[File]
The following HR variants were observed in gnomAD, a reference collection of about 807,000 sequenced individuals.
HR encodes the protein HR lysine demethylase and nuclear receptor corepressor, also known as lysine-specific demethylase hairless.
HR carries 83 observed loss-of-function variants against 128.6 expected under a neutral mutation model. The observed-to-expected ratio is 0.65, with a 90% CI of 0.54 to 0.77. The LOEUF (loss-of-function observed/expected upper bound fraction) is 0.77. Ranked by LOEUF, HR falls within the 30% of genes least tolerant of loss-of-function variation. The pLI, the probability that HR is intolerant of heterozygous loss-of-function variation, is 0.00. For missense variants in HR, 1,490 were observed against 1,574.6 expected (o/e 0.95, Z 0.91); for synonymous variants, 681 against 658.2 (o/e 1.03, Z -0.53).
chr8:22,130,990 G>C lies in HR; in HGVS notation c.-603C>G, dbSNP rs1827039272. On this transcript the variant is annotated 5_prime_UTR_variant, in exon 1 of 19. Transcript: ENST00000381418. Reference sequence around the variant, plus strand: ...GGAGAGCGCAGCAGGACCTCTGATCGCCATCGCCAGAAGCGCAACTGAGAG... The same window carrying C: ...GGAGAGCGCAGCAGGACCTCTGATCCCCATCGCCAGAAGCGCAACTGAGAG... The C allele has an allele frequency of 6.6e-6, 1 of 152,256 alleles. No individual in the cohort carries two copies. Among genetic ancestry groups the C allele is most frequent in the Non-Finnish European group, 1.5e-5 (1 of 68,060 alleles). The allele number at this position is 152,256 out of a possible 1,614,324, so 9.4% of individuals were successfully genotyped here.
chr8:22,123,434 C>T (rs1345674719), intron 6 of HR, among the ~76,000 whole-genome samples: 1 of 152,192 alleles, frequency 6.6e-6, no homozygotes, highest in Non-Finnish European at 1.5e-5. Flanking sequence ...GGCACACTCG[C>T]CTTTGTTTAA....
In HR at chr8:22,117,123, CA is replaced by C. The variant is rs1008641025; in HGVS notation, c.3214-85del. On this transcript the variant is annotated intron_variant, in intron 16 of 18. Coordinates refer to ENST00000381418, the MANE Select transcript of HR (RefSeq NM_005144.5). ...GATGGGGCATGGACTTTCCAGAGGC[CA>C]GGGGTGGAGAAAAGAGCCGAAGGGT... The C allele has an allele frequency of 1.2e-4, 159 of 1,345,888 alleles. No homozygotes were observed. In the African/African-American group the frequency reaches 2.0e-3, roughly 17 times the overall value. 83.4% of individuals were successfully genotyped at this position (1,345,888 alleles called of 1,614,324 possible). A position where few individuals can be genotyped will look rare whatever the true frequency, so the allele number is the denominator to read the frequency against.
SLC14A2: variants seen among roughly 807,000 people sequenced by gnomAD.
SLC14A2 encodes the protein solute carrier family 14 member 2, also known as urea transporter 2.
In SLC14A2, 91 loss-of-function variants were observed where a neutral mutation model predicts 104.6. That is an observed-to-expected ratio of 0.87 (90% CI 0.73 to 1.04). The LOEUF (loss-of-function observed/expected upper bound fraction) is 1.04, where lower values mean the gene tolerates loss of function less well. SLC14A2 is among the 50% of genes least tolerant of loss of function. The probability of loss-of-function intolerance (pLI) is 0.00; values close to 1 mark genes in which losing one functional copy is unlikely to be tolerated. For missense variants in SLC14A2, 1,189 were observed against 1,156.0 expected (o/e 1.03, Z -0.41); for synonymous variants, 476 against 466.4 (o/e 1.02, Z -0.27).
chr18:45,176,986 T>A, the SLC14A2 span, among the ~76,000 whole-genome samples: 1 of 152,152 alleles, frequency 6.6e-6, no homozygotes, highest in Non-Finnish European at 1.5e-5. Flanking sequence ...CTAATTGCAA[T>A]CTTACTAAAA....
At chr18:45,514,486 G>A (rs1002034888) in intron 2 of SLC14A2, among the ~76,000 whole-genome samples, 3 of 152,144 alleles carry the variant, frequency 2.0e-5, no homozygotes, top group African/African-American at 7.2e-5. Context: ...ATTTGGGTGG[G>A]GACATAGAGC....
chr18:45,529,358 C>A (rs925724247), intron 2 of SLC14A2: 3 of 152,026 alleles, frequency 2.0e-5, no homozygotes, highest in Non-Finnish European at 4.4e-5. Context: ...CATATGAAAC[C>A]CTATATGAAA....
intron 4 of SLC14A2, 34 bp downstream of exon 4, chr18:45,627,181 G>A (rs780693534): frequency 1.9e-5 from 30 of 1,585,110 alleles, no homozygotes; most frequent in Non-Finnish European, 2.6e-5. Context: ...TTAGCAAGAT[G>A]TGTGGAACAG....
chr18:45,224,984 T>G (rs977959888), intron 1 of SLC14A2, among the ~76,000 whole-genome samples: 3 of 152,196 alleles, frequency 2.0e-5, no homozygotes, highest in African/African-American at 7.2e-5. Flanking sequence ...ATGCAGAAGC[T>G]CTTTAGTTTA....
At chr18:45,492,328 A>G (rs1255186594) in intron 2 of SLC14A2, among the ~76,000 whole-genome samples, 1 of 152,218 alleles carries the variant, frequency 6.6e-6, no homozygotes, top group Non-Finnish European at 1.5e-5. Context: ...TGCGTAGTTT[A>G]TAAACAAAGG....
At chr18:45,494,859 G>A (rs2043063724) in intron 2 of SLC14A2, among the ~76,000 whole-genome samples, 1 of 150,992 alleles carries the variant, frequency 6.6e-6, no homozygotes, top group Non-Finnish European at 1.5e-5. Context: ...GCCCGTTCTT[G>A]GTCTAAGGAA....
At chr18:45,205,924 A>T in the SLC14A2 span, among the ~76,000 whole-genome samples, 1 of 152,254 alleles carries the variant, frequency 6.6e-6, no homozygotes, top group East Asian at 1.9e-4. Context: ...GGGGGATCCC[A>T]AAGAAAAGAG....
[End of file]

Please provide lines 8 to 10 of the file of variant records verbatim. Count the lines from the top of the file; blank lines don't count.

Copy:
SLC14A2 encodes the protein solute carrier family 14 member 2, also known as urea transporter 2.
In SLC14A2, 91 loss-of-function variants were observed where a neutral mutation model predicts 104.6. That is an observed-to-expected ratio of 0.87 (90% CI 0.73 to 1.04). The LOEUF (loss-of-function observed/expected upper bound fraction) is 1.04, where lower values mean the gene tolerates loss of function less well. SLC14A2 is among the 50% of genes least tolerant of loss of function. The probability of loss-of-function intolerance (pLI) is 0.00; values close to 1 mark genes in which losing one functional copy is unlikely to be tolerated. For missense variants in SLC14A2, 1,189 were observed against 1,156.0 expected (o/e 1.03, Z -0.41); for synonymous variants, 476 against 466.4 (o/e 1.02, Z -0.27).
chr18:45,176,986 T>A, the SLC14A2 span, among the ~76,000 whole-genome samples: 1 of 152,152 alleles, frequency 6.6e-6, no homozygotes, highest in Non-Finnish European at 1.5e-5. Flanking sequence ...CTAATTGCAA[T>A]CTTACTAAAA....